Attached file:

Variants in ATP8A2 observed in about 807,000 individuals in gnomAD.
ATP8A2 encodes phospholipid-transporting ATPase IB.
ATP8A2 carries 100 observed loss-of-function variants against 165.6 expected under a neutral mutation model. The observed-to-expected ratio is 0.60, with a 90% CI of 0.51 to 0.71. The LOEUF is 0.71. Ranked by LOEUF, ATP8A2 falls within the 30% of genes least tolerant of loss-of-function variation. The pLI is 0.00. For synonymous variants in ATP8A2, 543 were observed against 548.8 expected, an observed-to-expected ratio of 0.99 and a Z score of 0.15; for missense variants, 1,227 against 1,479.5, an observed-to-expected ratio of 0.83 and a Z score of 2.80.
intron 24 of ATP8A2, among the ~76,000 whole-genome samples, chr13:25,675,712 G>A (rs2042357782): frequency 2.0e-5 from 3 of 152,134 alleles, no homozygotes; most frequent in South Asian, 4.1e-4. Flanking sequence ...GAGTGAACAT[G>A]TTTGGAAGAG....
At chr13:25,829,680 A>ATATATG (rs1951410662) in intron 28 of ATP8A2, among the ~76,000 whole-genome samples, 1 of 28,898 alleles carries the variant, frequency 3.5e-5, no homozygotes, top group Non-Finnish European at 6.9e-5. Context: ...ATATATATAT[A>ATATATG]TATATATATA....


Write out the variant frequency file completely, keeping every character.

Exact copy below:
Variants in ATP8A2 observed in about 807,000 individuals in gnomAD.
ATP8A2 encodes phospholipid-transporting ATPase IB.
ATP8A2 carries 100 observed loss-of-function variants against 165.6 expected under a neutral mutation model. The observed-to-expected ratio is 0.60, with a 90% CI of 0.51 to 0.71. The LOEUF is 0.71. Ranked by LOEUF, ATP8A2 falls within the 30% of genes least tolerant of loss-of-function variation. The pLI is 0.00. For synonymous variants in ATP8A2, 543 were observed against 548.8 expected, an observed-to-expected ratio of 0.99 and a Z score of 0.15; for missense variants, 1,227 against 1,479.5, an observed-to-expected ratio of 0.83 and a Z score of 2.80.
intron 24 of ATP8A2, among the ~76,000 whole-genome samples, chr13:25,675,712 G>A (rs2042357782): frequency 2.0e-5 from 3 of 152,134 alleles, no homozygotes; most frequent in South Asian, 4.1e-4. Flanking sequence ...GAGTGAACAT[G>A]TTTGGAAGAG....
At chr13:25,829,680 A>ATATATG (rs1951410662) in intron 28 of ATP8A2, among the ~76,000 whole-genome samples, 1 of 28,898 alleles carries the variant, frequency 3.5e-5, no homozygotes, top group Non-Finnish European at 6.9e-5. Context: ...ATATATATAT[A>ATATATG]TATATATATA....